## Tractability of Parameterized Completion Problems on Chordal, Strongly Chordal and Proper Interval Graphs (1994)

Citations: | 40 - 5 self |

### BibTeX

@MISC{Kaplan94tractabilityof,

author = {Haim Kaplan and Ron Shamir and Robert E. Tarjan},

title = {Tractability of Parameterized Completion Problems on Chordal, Strongly Chordal and Proper Interval Graphs},

year = {1994}

}

### Years of Citing Articles

### OpenURL

### Abstract

We study the parameterized complexity of three NP-hard graph completion problems. The MINIMUM FILL-IN problem is to decide if a graph can be triangulated by adding at most k edges. We develop O(c m) and O(k mn + f(k)) algorithms for this problem on a graph with n vertices and m edges. Here f(k) is exponential in k and the constants hidden by the big-O notation are small and do not depend on k. In particular, this implies that the problem is fixed-parameter tractable (FPT). The PROPER

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Citation Context ...sk is called a k-proper interval supergraph of G. 2.1 A linear algorithm for fixed k. Denote by c l the l-th Catalan number. i.e. c l = \Gamma 2l l \Delta 1 l+1 . Note that c l ! 4 l . Lemma 2.1 (cf. =-=[29]-=-) The number of minimal triangulations of a cycle with l vertices is c l\Gamma2 . Each such triangulation contains l \Gamma 3 chords. The algorithm will traverse part of a search tree in which each no... |

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Citation Context ...f G. Note that every minimal triangulation of G is represented by at least one leaf. One can find a chordless cycle C in a nonchordal graph with m edges in O(m) time by the MCS algorithm described in =-=[31, 32]-=-. Using the algorithm described in [30] one can generate all minimal triangulations in O(jCj) time for each, observing that there exists a 1-1 correspondence between minimal triangulations of an l-cyc... |

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Citation Context ...ompleteness notions. They also conjectured that each of the containments in the hierarchy is proper. (cf. [1, 9] for definitions and details.) Thus, for example, VERTEX COVER and PATHWIDTH are in FPT =-=[9, 3, 17]-=- but INDEPENDENT SET is W[1]-complete [1], and BANDWIDTH is W[t]-hard for all t [4]. The first parameterized problem which we study here involves chordal graphs. A graph is chordal (or triangulated) i... |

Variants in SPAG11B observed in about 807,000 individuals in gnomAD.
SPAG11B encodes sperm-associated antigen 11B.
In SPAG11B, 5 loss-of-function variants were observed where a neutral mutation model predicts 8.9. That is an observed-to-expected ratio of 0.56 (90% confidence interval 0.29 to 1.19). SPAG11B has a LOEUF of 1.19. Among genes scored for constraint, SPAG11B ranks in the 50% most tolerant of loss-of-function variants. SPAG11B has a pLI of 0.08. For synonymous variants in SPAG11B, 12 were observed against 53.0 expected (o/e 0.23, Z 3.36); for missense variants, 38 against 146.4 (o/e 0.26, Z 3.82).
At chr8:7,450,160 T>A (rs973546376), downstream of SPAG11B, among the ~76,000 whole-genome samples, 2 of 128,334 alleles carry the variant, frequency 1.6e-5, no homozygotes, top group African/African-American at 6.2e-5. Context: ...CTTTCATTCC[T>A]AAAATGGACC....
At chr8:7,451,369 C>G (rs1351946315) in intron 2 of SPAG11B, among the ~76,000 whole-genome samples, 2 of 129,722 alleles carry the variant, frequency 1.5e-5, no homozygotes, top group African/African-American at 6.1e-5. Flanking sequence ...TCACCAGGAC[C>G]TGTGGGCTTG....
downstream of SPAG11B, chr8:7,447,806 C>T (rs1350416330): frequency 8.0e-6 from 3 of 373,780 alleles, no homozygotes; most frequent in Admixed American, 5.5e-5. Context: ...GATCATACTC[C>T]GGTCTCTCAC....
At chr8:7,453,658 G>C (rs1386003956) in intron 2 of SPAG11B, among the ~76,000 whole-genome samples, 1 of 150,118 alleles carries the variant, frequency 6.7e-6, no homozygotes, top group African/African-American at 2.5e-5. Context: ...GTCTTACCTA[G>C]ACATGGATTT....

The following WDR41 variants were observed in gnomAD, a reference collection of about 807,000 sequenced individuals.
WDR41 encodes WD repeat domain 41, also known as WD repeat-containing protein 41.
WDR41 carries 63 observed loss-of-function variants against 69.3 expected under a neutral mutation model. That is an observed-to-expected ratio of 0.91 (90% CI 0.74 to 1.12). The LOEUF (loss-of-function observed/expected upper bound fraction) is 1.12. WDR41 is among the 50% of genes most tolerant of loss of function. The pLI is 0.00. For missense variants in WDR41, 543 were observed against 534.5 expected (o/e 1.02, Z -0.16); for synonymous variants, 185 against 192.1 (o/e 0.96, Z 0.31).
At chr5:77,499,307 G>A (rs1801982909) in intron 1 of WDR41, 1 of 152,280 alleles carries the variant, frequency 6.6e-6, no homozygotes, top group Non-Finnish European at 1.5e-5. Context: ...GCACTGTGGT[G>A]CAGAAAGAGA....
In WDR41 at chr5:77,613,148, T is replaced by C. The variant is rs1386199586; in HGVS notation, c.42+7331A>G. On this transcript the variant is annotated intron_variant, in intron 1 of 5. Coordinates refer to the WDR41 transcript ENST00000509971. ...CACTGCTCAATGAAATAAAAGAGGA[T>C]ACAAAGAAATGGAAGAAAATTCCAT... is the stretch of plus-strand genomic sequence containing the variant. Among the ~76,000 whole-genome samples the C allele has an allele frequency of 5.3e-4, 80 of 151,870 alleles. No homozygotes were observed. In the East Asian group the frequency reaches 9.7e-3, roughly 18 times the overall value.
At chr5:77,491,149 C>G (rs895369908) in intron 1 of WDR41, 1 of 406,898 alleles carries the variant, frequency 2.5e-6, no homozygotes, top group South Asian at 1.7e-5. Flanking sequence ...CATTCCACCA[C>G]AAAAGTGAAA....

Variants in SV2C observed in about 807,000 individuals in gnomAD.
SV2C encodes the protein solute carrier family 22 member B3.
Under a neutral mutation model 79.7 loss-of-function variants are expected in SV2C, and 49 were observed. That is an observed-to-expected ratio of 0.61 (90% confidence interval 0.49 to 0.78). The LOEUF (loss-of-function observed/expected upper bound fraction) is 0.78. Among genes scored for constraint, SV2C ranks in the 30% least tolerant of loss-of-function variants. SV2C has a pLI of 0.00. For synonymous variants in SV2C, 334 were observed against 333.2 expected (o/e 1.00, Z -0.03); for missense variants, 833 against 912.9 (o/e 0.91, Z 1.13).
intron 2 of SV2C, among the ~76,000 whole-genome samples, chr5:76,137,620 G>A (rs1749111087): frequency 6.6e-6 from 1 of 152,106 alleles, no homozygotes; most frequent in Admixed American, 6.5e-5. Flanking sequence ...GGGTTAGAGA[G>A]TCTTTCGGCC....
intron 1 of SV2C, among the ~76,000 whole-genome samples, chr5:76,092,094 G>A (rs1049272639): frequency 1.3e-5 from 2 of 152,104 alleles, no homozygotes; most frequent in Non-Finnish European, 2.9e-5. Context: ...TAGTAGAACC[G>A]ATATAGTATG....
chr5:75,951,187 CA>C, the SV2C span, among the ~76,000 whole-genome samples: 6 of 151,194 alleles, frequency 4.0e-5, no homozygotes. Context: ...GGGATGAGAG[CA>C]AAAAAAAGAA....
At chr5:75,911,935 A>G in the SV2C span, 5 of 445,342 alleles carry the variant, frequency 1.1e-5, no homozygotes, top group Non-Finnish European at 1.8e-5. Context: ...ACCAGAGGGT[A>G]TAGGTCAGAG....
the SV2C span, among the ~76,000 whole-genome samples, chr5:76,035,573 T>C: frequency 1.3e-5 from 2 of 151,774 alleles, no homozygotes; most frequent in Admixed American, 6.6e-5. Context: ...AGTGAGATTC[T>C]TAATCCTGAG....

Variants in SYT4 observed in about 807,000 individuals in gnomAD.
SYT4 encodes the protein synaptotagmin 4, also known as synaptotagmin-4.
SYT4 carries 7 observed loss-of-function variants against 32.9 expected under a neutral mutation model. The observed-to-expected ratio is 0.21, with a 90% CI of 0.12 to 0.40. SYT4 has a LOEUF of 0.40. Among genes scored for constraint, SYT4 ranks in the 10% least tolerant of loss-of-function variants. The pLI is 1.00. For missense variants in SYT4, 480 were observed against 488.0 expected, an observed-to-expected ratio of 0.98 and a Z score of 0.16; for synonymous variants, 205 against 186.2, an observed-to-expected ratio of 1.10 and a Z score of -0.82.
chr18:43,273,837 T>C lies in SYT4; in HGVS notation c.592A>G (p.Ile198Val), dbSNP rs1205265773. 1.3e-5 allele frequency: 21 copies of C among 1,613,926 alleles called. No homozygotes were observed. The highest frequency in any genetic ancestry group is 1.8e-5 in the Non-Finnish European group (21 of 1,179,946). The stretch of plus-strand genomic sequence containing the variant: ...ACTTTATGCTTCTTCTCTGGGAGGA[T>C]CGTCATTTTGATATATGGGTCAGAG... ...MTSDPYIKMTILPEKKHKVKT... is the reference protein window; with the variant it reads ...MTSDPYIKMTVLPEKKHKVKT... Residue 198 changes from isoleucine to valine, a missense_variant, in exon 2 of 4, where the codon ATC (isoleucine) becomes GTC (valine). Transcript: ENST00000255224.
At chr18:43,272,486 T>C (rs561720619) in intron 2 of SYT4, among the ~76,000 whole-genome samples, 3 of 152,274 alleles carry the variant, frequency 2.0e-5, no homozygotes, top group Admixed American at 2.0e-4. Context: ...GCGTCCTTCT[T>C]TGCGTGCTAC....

183 |
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Citation Context ...es the number of non-zeros generated in the elimination process (assuming no lucky cancellation of non-zeros) is equivalent to solving the minimum fill-in problem on a corresponding graph. Yannakakis =-=[34]-=- has shown that minimum fill-in is NP-complete. We focus here on the parametrized version of the problem: ffl (FILL-IN(k) Problem:) Given as input a graph, does it have fill-in at most k? Here k is fi... |

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Citation Context ... all minimal triangulations in O(jCj) time for each, observing that there exists a 1-1 correspondence between minimal triangulations of an l-cycle and binary trees with l \Gamma 2 internal nodes (cf. =-=[28]-=-). The nodes of this search tree which are actually traversed correspond to supergraphs of G with no more than k additional edges. If one such node is a leaf then we have found a k-triangulation. Othe... |

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Citation Context ...CHORDAL GRAPH COMPLETION) is to find a fill-in set of minimum cardinality. This problem has received a lot of attention in the past due to its importance in sparse matrix computation (cf. [12]). Rose =-=[26]-=- has shown that for a sparse, symmetric matrix, finding an order of Gaussian elimination steps on diagonal elements which minimizes the number of non-zeros generated in the elimination process (assumi... |

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Citation Context ...ing clones. In the corresponding interval graph G, this is its clique size, denoted !(G). Typical biological maps have width between 5 and 15, even when the total number of clones is in the thousands =-=[18, 23]-=-. Motivated by this observation, we concentrate on two problems: ffl Completion to a proper interval graph with bounded clique size ( Problem A): Given a graph G and a constant k, does there exist a s... |

77 |